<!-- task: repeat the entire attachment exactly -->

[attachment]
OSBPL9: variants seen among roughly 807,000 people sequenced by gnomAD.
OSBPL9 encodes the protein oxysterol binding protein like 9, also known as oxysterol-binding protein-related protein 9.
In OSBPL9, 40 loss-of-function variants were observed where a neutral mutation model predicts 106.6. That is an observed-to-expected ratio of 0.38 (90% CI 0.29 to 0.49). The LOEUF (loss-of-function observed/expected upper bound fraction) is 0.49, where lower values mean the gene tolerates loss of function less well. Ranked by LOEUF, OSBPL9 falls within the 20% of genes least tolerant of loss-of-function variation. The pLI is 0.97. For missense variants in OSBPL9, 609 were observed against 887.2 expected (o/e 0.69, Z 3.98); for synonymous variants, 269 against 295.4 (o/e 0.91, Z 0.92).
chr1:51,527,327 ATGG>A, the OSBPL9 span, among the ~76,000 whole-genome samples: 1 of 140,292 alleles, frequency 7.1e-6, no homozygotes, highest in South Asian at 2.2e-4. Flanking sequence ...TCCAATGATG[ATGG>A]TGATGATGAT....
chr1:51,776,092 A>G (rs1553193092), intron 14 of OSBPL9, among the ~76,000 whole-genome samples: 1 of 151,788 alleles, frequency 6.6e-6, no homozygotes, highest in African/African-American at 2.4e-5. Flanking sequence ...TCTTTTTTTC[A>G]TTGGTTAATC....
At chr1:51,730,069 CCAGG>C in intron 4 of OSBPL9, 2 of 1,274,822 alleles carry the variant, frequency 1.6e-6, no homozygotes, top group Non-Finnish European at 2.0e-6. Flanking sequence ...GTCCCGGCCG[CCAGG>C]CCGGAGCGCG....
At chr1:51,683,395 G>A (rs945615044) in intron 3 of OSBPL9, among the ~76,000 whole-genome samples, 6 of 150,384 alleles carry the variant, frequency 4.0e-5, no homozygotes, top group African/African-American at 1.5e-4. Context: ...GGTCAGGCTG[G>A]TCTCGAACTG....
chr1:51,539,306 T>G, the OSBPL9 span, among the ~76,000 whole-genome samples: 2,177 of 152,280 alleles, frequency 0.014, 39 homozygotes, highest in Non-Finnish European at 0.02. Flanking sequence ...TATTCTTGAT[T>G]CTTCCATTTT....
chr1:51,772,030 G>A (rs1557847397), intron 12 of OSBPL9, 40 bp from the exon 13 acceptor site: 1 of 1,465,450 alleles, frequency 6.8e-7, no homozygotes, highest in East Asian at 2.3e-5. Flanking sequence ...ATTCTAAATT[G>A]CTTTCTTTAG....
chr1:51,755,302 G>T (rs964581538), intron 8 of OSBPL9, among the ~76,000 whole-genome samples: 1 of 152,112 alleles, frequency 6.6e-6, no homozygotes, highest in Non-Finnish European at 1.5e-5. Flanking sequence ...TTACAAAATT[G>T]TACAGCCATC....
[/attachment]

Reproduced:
OSBPL9: variants seen among roughly 807,000 people sequenced by gnomAD.
OSBPL9 encodes the protein oxysterol binding protein like 9, also known as oxysterol-binding protein-related protein 9.
In OSBPL9, 40 loss-of-function variants were observed where a neutral mutation model predicts 106.6. That is an observed-to-expected ratio of 0.38 (90% CI 0.29 to 0.49). The LOEUF (loss-of-function observed/expected upper bound fraction) is 0.49, where lower values mean the gene tolerates loss of function less well. Ranked by LOEUF, OSBPL9 falls within the 20% of genes least tolerant of loss-of-function variation. The pLI is 0.97. For missense variants in OSBPL9, 609 were observed against 887.2 expected (o/e 0.69, Z 3.98); for synonymous variants, 269 against 295.4 (o/e 0.91, Z 0.92).
chr1:51,527,327 ATGG>A, the OSBPL9 span, among the ~76,000 whole-genome samples: 1 of 140,292 alleles, frequency 7.1e-6, no homozygotes, highest in South Asian at 2.2e-4. Flanking sequence ...TCCAATGATG[ATGG>A]TGATGATGAT....
chr1:51,776,092 A>G (rs1553193092), intron 14 of OSBPL9, among the ~76,000 whole-genome samples: 1 of 151,788 alleles, frequency 6.6e-6, no homozygotes, highest in African/African-American at 2.4e-5. Flanking sequence ...TCTTTTTTTC[A>G]TTGGTTAATC....
At chr1:51,730,069 CCAGG>C in intron 4 of OSBPL9, 2 of 1,274,822 alleles carry the variant, frequency 1.6e-6, no homozygotes, top group Non-Finnish European at 2.0e-6. Flanking sequence ...GTCCCGGCCG[CCAGG>C]CCGGAGCGCG....
At chr1:51,683,395 G>A (rs945615044) in intron 3 of OSBPL9, among the ~76,000 whole-genome samples, 6 of 150,384 alleles carry the variant, frequency 4.0e-5, no homozygotes, top group African/African-American at 1.5e-4. Context: ...GGTCAGGCTG[G>A]TCTCGAACTG....
chr1:51,539,306 T>G, the OSBPL9 span, among the ~76,000 whole-genome samples: 2,177 of 152,280 alleles, frequency 0.014, 39 homozygotes, highest in Non-Finnish European at 0.02. Flanking sequence ...TATTCTTGAT[T>G]CTTCCATTTT....
chr1:51,772,030 G>A (rs1557847397), intron 12 of OSBPL9, 40 bp from the exon 13 acceptor site: 1 of 1,465,450 alleles, frequency 6.8e-7, no homozygotes, highest in East Asian at 2.3e-5. Flanking sequence ...ATTCTAAATT[G>A]CTTTCTTTAG....
chr1:51,755,302 G>T (rs964581538), intron 8 of OSBPL9, among the ~76,000 whole-genome samples: 1 of 152,112 alleles, frequency 6.6e-6, no homozygotes, highest in Non-Finnish European at 1.5e-5. Flanking sequence ...TTACAAAATT[G>T]TACAGCCATC....